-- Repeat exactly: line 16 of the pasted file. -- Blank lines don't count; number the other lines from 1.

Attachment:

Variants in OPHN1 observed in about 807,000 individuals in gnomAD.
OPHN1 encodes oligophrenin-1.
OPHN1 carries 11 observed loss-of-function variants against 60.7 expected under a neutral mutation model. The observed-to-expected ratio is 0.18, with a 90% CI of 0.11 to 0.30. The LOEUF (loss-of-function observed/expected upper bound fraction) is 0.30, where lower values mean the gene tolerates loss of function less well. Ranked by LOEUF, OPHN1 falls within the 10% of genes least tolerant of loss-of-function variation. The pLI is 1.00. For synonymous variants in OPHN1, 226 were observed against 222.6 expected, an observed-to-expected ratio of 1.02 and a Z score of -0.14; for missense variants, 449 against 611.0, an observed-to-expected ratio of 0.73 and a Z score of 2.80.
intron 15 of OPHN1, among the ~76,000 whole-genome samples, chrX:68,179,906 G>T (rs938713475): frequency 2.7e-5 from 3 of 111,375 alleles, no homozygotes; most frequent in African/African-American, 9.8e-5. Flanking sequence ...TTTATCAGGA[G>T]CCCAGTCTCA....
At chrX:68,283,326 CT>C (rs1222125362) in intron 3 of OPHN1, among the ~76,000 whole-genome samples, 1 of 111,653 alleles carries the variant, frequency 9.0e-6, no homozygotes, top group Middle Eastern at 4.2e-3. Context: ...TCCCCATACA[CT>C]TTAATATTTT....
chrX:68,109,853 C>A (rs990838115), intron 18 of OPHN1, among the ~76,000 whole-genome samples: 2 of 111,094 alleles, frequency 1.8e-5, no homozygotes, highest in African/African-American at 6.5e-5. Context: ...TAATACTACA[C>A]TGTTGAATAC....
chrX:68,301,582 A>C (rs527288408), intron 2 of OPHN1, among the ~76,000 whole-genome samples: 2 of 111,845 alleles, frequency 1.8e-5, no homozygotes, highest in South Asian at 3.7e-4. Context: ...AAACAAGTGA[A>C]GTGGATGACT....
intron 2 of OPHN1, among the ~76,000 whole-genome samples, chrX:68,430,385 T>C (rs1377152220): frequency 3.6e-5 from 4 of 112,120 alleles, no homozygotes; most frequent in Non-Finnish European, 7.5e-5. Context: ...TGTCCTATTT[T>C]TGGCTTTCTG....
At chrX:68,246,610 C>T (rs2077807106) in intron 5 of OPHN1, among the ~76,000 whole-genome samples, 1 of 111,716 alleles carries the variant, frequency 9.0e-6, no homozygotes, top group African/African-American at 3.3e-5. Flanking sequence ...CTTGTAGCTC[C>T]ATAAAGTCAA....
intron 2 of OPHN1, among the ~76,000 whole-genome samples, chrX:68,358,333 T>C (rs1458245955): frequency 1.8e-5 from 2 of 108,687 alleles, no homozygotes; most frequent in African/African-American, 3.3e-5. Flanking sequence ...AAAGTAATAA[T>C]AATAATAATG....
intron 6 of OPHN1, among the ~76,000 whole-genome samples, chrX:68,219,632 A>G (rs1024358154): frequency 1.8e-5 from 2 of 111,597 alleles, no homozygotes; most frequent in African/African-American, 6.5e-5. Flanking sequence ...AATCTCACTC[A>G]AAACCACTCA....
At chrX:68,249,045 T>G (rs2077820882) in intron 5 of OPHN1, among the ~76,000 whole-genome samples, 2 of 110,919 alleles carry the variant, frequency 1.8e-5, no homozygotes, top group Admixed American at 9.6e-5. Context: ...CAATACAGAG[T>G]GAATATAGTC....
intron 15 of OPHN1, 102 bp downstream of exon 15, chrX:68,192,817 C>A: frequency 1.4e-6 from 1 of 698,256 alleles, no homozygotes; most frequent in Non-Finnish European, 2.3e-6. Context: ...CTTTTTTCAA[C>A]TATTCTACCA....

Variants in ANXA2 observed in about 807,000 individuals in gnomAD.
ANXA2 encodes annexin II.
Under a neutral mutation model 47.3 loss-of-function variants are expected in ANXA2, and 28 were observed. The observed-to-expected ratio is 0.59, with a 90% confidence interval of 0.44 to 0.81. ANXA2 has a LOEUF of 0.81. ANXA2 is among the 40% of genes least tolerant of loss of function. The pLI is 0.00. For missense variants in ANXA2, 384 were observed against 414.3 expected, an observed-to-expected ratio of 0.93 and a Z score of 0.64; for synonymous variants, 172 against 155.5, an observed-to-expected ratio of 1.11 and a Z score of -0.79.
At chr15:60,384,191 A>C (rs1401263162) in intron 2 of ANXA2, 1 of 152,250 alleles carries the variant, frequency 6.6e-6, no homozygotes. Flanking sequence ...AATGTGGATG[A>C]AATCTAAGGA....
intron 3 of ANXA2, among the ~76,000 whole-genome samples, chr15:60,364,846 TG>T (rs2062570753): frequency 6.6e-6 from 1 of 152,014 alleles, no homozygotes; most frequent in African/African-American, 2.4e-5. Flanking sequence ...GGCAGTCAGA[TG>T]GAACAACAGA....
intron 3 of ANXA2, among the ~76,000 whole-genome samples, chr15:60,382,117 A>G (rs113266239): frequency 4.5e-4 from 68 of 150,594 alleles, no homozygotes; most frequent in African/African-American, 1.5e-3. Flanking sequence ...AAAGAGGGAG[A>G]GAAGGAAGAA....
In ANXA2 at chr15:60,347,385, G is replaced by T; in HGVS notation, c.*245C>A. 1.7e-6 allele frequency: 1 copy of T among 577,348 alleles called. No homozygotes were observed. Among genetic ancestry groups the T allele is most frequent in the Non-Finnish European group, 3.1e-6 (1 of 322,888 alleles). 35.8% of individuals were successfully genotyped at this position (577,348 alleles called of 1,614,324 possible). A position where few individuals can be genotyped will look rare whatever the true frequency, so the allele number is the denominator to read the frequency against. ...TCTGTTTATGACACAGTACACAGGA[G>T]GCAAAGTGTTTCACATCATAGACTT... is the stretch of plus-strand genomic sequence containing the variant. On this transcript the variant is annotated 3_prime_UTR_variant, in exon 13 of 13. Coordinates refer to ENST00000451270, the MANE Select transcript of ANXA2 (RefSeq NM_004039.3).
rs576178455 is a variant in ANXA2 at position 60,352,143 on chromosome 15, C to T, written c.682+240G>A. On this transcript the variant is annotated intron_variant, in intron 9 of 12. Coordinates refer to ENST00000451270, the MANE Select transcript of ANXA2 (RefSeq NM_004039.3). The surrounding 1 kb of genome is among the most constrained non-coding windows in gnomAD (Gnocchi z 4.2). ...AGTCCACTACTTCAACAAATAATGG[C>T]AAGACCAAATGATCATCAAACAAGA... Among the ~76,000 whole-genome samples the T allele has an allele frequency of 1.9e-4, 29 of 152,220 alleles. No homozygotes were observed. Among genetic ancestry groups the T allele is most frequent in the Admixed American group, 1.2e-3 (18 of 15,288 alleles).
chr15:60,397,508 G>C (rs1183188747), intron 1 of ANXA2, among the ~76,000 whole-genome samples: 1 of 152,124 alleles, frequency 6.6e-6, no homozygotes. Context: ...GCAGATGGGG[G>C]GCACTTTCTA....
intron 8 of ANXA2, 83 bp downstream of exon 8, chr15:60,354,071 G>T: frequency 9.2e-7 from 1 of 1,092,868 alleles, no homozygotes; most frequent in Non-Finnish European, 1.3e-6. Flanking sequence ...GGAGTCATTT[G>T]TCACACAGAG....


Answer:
Under a neutral mutation model 47.3 loss-of-function variants are expected in ANXA2, and 28 were observed. The observed-to-expected ratio is 0.59, with a 90% confidence interval of 0.44 to 0.81. ANXA2 has a LOEUF of 0.81. ANXA2 is among the 40% of genes least tolerant of loss of function. The pLI is 0.00. For missense variants in ANXA2, 384 were observed against 414.3 expected, an observed-to-expected ratio of 0.93 and a Z score of 0.64; for synonymous variants, 172 against 155.5, an observed-to-expected ratio of 1.11 and a Z score of -0.79.